Though I made a lot mistakes, some of the refugees were able to see beyond them (a good example of their resources and skills, by the way), and that brought about several episodes where true communication occurred. For example, one day an old wise man from Sudan invited me to have a coffee in a nearby café. As soon as we got out of the building, our roles blurred: I was no longer the person who provided food, and he was no longer a person in need, but we were just two people going to have a coffee together. In the café, we talked in English about our families, and exchanged comments and opinions about children’s education. Another day, a woman invited me into her room – women rarely went out of the building, and when they did, it was to go to the doctor, or to the hospital for their kids. She offered to comb my hair; I sat down and she combed my hair in silence because I could not speak her language, nor she could speak mine. It was a precious moment of silent dialogue, as when another woman invited me to have tea in her room. We spent some time together drinking tea in silence, smiling to each other. And though there was actually not much to laugh about in general, it also happened that, with some of the refugees, we enjoyed a good laugh together – for example, we often laughed at my efforts to say some words in their language. Actually, we found out that trying to look at things, and ourselves, from a slightly different and, when possible, even humorous perspective was a good way to relieve tensions and stress, and to create connections.

We were painfully aware that this subversion of roles was only temporary, and that we would soon return to our highly asymmetrical conditions; yet, these moments created the opportunity for relationship and dialogue. I think these episodes occurred when (and because) we reciprocally put down our pre-established roles (in fact, when we decided, more or less consciously, to subvert them), and we were mutually open, curious, and generous. Then, are these attitudes – not taking people or people’s roles for granted, openness, curiosity, generosity and a little sense of humor  – the fundamental characteristics of good intercultural communication? I don’t think these were episodes where intercultural communication occurred: we did not communicate so much between cultures as between individuals. Therefore, I now wonder: haven’t we devoted too much attention to ‘culture’ in ‘intercultural communication’, and not enough to individuals as the primary protagonists, and on what can encourage (or hinder) communication between them – which does not necessarily have much to do with ‘culture’? So, I ask myself whether it would be useful to critically consider intercultural communication itself, focusing more on what happens between individuals rather than between cultures. In sum: what if we try to think beyond cultures, and consider post-cultural communication as an option?

Gustolab Study Abroad: Food Systems (Vietnam, Italy or Japan)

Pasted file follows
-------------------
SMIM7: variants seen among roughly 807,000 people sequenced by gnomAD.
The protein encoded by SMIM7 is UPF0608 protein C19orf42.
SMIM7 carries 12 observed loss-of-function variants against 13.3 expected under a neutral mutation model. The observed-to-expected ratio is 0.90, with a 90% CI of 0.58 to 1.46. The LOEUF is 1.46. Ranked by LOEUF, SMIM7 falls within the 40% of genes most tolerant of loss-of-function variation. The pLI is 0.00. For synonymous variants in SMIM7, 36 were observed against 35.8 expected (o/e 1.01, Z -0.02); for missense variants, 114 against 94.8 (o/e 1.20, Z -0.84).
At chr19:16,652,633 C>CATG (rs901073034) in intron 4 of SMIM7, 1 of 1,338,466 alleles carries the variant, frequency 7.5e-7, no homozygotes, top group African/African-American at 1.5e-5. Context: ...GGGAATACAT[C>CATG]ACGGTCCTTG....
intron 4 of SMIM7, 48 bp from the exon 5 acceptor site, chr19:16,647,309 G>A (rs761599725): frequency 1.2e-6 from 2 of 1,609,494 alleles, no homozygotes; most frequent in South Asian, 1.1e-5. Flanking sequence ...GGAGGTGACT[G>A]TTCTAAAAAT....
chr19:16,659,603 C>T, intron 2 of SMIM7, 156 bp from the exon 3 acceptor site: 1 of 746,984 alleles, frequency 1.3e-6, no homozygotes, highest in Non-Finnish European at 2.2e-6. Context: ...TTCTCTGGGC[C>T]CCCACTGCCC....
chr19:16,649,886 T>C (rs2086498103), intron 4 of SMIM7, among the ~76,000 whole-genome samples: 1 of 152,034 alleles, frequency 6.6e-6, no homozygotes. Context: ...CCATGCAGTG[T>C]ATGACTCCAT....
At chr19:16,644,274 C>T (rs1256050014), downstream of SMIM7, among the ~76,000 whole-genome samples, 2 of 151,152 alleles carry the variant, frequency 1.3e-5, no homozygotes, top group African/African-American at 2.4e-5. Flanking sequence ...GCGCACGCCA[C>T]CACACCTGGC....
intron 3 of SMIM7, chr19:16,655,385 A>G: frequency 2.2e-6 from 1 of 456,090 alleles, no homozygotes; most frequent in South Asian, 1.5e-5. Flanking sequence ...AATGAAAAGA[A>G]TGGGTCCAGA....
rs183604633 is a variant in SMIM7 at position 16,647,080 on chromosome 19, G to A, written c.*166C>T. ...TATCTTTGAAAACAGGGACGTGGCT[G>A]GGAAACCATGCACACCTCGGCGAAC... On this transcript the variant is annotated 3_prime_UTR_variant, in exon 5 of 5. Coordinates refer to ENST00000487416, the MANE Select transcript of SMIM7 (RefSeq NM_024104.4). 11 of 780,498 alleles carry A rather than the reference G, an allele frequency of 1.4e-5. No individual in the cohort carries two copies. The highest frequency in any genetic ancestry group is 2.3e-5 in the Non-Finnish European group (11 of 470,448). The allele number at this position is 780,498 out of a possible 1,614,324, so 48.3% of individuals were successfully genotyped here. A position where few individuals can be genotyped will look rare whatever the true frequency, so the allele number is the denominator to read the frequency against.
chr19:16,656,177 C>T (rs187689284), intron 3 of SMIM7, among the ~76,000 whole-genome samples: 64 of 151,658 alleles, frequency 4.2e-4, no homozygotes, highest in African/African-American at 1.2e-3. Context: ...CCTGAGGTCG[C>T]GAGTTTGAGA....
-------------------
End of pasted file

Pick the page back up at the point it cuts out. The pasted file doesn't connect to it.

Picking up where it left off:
Gustolab International has announced an expansion of their popular Critical Studies on Food summer program. Beginning summer 2017, there will be three complementary programs in Vietnam, Italy, and Japan.

CRITICAL STUDIES ON FOOD SYSTEMS AND SUSTAINABILITY IN VIETNAM
DURATION: 4-week Full Immersion Program
WHEN: May 21 – June 18, 2017

COURSES OFFERED
* Food Systems in Vietnam (3 credits)
* Vietnam, Conflict, Contradiction and Change (3 credits)
* Vietnamese Language for Food and Business (up to 3 credits)

CRITICAL STUDIES ON FOOD SYSTEMS AND SUSTAINABILITY IN ITALY
DURATION: 5-week Full Immersion Program
WHEN: May 22, 2017 – June 24, 2017
WHERE: ROME, ITALY

COURSES OFFERED
* Critical Studies on Food Culture (3 credits)
* Food Media, Communication and Trends (3 credits)
* Food, Nutrition and Culture in Italy (3 credits)
* Food Waste in Italy (3 credits) NEW!
* Italian Language for Food and Business (Italian Lexicon for Food Studies) (3 credits)
* Elementary Italian Language (3 credits)
* Intensive Elementary Italian Language (6 credits, minimum of 8 participants)

CRITICAL STUDIES ON FOOD SYSTEMS AND SUSTAINABILITY IN JAPAN
SUMMER 2017
DURATION: 4-week Full Immersion Program
WHEN: July 2 – July 30, 2017
WHERE: Osaka, Japan

COURSES OFFERED
* Critical Studies on Japanese Food Culture (3 credits)
* Food Choice and Politics in Japan (3 credits)

Applications also open for Gustolab International programs in Italy (Rome, South and North Italy). Open enrollment programs are available to students from all universities.
Spring
Summer
Fall
Internship (several positions available!)

 

Johns Hopkins U SAIS Europe Job Ad: International Relations (Italy)

Assistant Professor of International Relations (Tenure-Track)
Johns Hopkins University, SAIS Europe, Bologna, Italy
Closes: 9th March 2017

Founded in 1943 and a Johns Hopkins division since 1950, The Paul H. Nitze School of Advanced International Studies of the Johns Hopkins University (SAIS) has been educating global leaders for more than 70 years. As a highly selective graduate institution with a distinguished faculty, SAIS consistently ranks as one of the top schools of international relations in the world. SAIS was founded to provide a practical approach to training students in international leadership and foreign relations, and to provide mid-career educational opportunities for those already working in related fields. To learn more about SAIS, visit www.sais-jhu.edu.